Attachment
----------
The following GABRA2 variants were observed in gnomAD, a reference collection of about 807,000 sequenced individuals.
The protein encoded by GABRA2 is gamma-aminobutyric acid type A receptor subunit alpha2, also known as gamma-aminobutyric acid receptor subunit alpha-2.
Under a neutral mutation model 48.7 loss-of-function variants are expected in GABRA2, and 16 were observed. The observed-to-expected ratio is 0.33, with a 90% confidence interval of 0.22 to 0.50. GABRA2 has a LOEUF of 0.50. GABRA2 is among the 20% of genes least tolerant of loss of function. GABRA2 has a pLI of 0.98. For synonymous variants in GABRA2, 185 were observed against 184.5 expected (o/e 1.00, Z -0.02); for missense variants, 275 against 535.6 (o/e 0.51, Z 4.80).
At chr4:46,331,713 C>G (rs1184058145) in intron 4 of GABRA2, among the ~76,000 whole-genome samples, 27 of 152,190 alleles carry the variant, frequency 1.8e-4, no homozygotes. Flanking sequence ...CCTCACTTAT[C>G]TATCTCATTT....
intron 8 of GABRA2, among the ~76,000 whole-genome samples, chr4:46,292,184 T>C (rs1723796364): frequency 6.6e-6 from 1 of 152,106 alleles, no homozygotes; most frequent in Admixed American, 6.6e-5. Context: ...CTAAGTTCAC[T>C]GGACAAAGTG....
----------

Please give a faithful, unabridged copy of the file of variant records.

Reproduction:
The following GABRA2 variants were observed in gnomAD, a reference collection of about 807,000 sequenced individuals.
The protein encoded by GABRA2 is gamma-aminobutyric acid type A receptor subunit alpha2, also known as gamma-aminobutyric acid receptor subunit alpha-2.
Under a neutral mutation model 48.7 loss-of-function variants are expected in GABRA2, and 16 were observed. The observed-to-expected ratio is 0.33, with a 90% confidence interval of 0.22 to 0.50. GABRA2 has a LOEUF of 0.50. GABRA2 is among the 20% of genes least tolerant of loss of function. GABRA2 has a pLI of 0.98. For synonymous variants in GABRA2, 185 were observed against 184.5 expected (o/e 1.00, Z -0.02); for missense variants, 275 against 535.6 (o/e 0.51, Z 4.80).
At chr4:46,331,713 C>G (rs1184058145) in intron 4 of GABRA2, among the ~76,000 whole-genome samples, 27 of 152,190 alleles carry the variant, frequency 1.8e-4, no homozygotes. Flanking sequence ...CCTCACTTAT[C>G]TATCTCATTT....
intron 8 of GABRA2, among the ~76,000 whole-genome samples, chr4:46,292,184 T>C (rs1723796364): frequency 6.6e-6 from 1 of 152,106 alleles, no homozygotes; most frequent in Admixed American, 6.6e-5. Context: ...CTAAGTTCAC[T>C]GGACAAAGTG....